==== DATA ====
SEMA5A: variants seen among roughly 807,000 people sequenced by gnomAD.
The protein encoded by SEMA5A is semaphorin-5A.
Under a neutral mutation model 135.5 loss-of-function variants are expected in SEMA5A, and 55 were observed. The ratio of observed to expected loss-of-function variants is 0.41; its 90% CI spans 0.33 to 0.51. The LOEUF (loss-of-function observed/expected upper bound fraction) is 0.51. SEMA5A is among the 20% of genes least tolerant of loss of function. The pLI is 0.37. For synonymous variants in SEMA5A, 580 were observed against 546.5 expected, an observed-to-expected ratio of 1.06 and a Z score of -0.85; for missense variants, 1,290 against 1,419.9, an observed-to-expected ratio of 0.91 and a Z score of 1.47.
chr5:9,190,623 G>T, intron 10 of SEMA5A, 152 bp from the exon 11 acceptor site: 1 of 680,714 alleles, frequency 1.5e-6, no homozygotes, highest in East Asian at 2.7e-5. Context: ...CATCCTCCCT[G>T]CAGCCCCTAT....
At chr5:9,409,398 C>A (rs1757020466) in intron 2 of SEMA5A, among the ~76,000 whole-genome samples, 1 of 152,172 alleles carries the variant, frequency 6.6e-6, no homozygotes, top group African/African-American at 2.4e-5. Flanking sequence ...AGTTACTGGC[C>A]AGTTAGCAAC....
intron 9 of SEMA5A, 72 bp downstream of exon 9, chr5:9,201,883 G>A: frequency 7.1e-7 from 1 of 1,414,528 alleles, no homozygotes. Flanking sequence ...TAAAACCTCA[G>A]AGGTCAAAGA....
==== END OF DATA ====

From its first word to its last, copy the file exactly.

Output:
SEMA5A: variants seen among roughly 807,000 people sequenced by gnomAD.
The protein encoded by SEMA5A is semaphorin-5A.
Under a neutral mutation model 135.5 loss-of-function variants are expected in SEMA5A, and 55 were observed. The ratio of observed to expected loss-of-function variants is 0.41; its 90% CI spans 0.33 to 0.51. The LOEUF (loss-of-function observed/expected upper bound fraction) is 0.51. SEMA5A is among the 20% of genes least tolerant of loss of function. The pLI is 0.37. For synonymous variants in SEMA5A, 580 were observed against 546.5 expected, an observed-to-expected ratio of 1.06 and a Z score of -0.85; for missense variants, 1,290 against 1,419.9, an observed-to-expected ratio of 0.91 and a Z score of 1.47.
chr5:9,190,623 G>T, intron 10 of SEMA5A, 152 bp from the exon 11 acceptor site: 1 of 680,714 alleles, frequency 1.5e-6, no homozygotes, highest in East Asian at 2.7e-5. Context: ...CATCCTCCCT[G>T]CAGCCCCTAT....
At chr5:9,409,398 C>A (rs1757020466) in intron 2 of SEMA5A, among the ~76,000 whole-genome samples, 1 of 152,172 alleles carries the variant, frequency 6.6e-6, no homozygotes, top group African/African-American at 2.4e-5. Flanking sequence ...AGTTACTGGC[C>A]AGTTAGCAAC....
intron 9 of SEMA5A, 72 bp downstream of exon 9, chr5:9,201,883 G>A: frequency 7.1e-7 from 1 of 1,414,528 alleles, no homozygotes. Flanking sequence ...TAAAACCTCA[G>A]AGGTCAAAGA....